Verdict - The Last Jedi, so fulfilling yet leaves so much to be desired
Star Wars: The Last Jedi is the 8th installment in the immensely popular space opera franchise that has satiated the fanboys' hunger since the 70s. No one would have ever imagined back then how popular these films and the characters associated with them would become. J.J. Abrams started a new sequel trilogy with The Force Awakens in 2015 and there were some doubts whether adding more films to the iconic saga is a good idea as the prequels were vastly divisive. But they quickly disappeared once everyone saw the film and loved it.
The 8th episode had a lot of things to address to, most prominently how to give Carrie Fisher's Princess Leia a proper sendoff and Rian Johnson manages to do that. The film's story primarily focuses on the Resistance gearing up for one last fight against the First Order after their support ships and fighter planes are destroyed and they look for help from all the corners of the universe. Everyone has their hopes pinned on Luke Skywalker who is still reluctant to join the Resistance and teach Rey how to control the Force.
Supreme Leader Snoke uses his powers to connect the minds of Rey and Kylo Ren in order to get to Skywalker, The Last Jedi. Kylo Ren is still having difficulties as to where exactly his heart lies and the character's conflict is impressively portrayed by Adam Driver. At the same time, Rey's parentage, which was teased for a long time yields somewhat mixed results. By the end of the film, the audiences may realize why it is done but it is something that is going to be discussed a lot in the years to come and not everyone may be satisfied by it.
Finn has his own adventure with Rose, a maintenance worker for the Resistance. During their search for a master code-breaker, they come across a number of downtrodden people who are oppressed by the masters benefiting out of the war between the resistance and First Order. Oscar Issac's Poe Dameron waits for Finn and Rose to come back with the codebreaker so they can disable the tracking device of Snoke's ship and the Resistance has a chance to escape.
The film is very different from its predecessors and deals with different philosophies at once. The dying and decaying of the old ways giving birth to something new and fresh and defining the definition of a hero. You don't need to have a prophecy telling you what to do or be someone from royal bloodline to achieve greatness or your role in the universe, all it takes is the confidence and faith in your abilities to do the right thing and standing up for yourself. The characters of Luke, Leia, Kylo, Finn, and Rey are looking for their calling in The Last Jedi and each one finds their path.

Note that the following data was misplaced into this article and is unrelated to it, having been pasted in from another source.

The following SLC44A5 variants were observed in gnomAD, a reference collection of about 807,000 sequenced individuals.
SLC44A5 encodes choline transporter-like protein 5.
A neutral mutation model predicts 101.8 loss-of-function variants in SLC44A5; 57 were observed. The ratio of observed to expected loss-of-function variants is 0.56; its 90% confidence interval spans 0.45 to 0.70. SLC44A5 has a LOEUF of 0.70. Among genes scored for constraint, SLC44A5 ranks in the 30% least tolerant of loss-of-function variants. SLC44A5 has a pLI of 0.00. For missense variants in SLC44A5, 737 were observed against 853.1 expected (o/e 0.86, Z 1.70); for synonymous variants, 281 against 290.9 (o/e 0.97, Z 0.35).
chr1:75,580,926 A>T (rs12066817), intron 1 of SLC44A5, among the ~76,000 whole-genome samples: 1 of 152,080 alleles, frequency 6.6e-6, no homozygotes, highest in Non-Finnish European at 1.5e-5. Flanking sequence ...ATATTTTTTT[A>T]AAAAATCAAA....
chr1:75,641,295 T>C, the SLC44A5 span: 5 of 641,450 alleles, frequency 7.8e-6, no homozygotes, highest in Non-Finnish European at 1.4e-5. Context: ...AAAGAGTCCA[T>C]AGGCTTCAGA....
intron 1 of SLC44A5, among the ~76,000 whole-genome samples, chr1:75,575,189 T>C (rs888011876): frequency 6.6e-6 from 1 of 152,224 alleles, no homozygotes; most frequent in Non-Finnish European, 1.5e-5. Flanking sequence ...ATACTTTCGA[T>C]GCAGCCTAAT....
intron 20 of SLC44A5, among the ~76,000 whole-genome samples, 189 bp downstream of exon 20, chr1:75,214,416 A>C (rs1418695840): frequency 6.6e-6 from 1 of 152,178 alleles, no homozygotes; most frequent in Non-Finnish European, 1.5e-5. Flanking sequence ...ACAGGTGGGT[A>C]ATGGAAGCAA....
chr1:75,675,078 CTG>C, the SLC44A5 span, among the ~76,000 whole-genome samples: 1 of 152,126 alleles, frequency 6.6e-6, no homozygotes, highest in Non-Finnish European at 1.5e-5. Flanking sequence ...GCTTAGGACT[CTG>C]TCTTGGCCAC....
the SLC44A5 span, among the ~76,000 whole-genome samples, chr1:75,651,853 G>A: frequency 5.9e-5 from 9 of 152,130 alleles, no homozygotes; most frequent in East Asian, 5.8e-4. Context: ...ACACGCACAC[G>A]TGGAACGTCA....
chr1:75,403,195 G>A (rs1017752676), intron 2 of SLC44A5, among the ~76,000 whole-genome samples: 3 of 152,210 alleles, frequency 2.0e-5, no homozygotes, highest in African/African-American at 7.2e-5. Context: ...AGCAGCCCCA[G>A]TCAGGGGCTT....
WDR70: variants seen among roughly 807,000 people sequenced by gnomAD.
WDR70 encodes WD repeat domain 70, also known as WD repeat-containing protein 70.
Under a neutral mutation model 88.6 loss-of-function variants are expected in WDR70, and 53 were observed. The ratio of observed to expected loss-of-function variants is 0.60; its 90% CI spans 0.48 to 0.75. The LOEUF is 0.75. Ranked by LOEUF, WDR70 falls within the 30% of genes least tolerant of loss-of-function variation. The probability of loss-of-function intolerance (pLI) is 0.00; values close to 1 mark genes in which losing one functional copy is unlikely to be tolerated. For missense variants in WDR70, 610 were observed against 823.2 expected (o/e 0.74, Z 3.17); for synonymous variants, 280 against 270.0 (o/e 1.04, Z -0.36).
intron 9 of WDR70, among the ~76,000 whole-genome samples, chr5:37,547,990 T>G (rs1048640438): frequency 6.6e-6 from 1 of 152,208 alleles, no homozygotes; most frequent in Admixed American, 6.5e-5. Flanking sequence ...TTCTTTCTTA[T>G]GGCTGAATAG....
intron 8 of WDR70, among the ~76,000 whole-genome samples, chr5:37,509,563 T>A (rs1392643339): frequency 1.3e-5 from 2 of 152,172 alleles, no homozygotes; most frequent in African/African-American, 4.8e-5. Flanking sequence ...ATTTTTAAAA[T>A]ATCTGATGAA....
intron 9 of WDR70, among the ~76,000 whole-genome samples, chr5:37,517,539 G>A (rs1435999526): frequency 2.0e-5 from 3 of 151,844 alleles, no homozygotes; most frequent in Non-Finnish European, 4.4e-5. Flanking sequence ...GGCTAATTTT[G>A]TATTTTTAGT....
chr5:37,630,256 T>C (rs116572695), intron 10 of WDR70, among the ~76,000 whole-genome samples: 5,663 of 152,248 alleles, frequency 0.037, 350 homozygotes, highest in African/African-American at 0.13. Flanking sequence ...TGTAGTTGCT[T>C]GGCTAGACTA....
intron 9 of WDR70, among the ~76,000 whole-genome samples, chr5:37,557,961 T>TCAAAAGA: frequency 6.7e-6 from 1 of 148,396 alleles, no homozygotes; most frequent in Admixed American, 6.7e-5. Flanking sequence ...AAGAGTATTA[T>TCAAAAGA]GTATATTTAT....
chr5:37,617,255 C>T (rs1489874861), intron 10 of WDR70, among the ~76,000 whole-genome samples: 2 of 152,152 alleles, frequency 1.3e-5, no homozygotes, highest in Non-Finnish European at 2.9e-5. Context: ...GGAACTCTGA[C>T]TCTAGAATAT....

Even though the film is fulfilling in many ways and manages to tick all the boxes in terms of entertainment quotient, it still leaves a lot of plot holes and underdeveloped characters that could have been worked upon. Most importantly Supreme Leader Snoke comes off as a one-dimensional character with no substantial arc. As the main villain of the film, he is quite underwhelming. Same is the case with the new powers and ways of the Force which no one ever saw before and how effortlessly Rey learns how to use the Force in a short span of time while it took Luke 2 films to learn that.
The film honors the legacy of Carrie Fisher and it's at once heartbreaking and heartwarming to see when Leia stops midway, "May the Force…" and lets Vice Admiral Holdo say the iconic line saying, "I've said it enough". Mark Hamill shines as the reluctant Jedi who is still haunted by the past but must overcome his fears and complexities in order to bring hope to the resistance. He becomes Obi-Wan to Rey's Luke and slowly realizes that. Rian Johnson ends the film with a scene that brings back a rush of emotions to anyone familiar with the events of a New Hope and that is the film's underlying message, hope.